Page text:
In XCode, on the other hand, there is no need for a solution. Any XCode project can reference another XCode project and depend on what it produces. However, in the end this amounts to the same thing as Visual Studio – although the XCode model is sligthly more flexible.

An aside on build configurations

One concept that will be new to you if you haven’t built projects in lower-level languages before will be that of build configuration. A build configuration is a collection of settings that define both the type of build and also the variant of the current platform to build for.

For example, lower-level languages typically require you to compile in a different way if you wish to debug your code (this is the Debug configuration in our case) or release your project (this is one of the Release configurations in our case).

Furthermore, the existence of single OSes targetting different architectures means that there are generally a multiplicity of Release builds needed. For example, for Mac OS X, we need ones for both PowerPC and Intel, as well as one for both (i.e. Universal).

However, you needn’t worry about all the details here as the skeleton environment comes with a collection of configurations that are completely compatible with Revolution (i.e. they should just work!).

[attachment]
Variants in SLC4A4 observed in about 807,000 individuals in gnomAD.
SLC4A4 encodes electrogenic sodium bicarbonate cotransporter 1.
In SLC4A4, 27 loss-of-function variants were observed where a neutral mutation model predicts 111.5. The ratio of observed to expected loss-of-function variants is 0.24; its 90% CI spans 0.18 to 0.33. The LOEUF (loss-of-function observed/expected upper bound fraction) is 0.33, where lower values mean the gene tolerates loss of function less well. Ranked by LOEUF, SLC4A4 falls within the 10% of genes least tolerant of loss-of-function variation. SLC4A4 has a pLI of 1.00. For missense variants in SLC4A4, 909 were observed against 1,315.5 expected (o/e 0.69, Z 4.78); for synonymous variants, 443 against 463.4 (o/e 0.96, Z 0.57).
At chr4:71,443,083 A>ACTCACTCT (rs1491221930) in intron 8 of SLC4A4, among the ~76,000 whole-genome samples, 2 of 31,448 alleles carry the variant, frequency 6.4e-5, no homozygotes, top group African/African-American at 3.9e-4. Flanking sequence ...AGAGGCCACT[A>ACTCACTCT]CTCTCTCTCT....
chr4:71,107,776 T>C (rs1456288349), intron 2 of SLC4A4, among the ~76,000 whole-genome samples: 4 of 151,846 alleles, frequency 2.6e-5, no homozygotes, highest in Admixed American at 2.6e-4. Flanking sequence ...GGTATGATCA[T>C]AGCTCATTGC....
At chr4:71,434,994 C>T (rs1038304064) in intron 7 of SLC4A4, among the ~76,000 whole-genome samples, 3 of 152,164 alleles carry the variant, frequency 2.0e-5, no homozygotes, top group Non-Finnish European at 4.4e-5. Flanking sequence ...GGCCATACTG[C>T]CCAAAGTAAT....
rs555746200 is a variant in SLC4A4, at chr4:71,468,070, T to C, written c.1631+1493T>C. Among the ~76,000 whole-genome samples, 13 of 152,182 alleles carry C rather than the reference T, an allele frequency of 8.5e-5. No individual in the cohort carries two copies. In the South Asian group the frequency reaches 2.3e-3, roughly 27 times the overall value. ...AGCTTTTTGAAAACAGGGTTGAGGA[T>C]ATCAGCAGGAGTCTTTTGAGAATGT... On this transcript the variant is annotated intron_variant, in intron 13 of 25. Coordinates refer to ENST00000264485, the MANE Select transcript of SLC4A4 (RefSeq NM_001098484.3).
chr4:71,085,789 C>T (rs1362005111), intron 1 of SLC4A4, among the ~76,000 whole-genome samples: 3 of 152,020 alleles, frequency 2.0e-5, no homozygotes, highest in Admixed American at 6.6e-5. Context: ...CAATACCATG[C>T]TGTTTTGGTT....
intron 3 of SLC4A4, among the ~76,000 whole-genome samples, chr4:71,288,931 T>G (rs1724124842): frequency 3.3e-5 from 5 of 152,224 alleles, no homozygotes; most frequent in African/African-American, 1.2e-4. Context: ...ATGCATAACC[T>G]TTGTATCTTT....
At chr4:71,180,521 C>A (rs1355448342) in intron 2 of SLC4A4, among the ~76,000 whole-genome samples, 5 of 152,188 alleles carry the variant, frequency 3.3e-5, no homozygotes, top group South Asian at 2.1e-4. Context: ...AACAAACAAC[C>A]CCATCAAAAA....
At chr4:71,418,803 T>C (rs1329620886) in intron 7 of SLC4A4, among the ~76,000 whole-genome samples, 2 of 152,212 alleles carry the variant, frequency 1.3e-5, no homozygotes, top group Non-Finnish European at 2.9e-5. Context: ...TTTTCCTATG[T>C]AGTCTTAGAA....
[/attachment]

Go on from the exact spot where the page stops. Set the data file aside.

Our first external – working with text: a take on Hello, World!

Setting up the project

The first thing to do is to create a skeleton project for our first external. Included with the skeleton environment is a Revolution stack called External Creator. This little tool helps to start off creating an external by setting up the project (potentially for multiple platforms) including directory structure and build configurations. Furthermore, it creates an empty test stack to load the new external.

So, with the External Creator loaded into Revolution do the following:

  • fill in the Name field with rnahello (we use the three-letter prefix rna to stand for Revolution Newsletter Article)

  • check the appropriate platforms

  • choose C++ (no exceptions, no rtti) as the language

  • ensure the Installation paths are filled in correctly.

You should end up with something like:

When you have configured all your settings, just click Generate.

Exploring our new project

Having generated the project, you should now find an rnahello folder within the environment. It is worth spending a few moments exploring this folder to see what has been created:

Here we have the following:

  • rnahello.vsproj – the Visual Studio project file (present if you checked Windows)

  • rnahello.xcodeproj – the XCode project folder (present if you checks Mac OS X)

  • test_rnahello.rev – an empty stack that will load the external (used for testing and debugging)

  • src/rnahello.cpp – the outline of our main C++ file that will contain the implementation of our commands and functions

So, now we have the structure in place we can actually add some functionality...

Getting started with the IDEs

Open up Visual C++ or XCode depending on the platform, and load either externals.sln (into Visual Studio), or rnahello.xcodeproj into XCode. In both cases you should be presented with (what will, at least, become) a familiar interface.

Both IDEs use a hierarchical approach to manage projects – in the case of XCode, the project itself will be the root node, whereas in Visual Studio the root node will be the solution: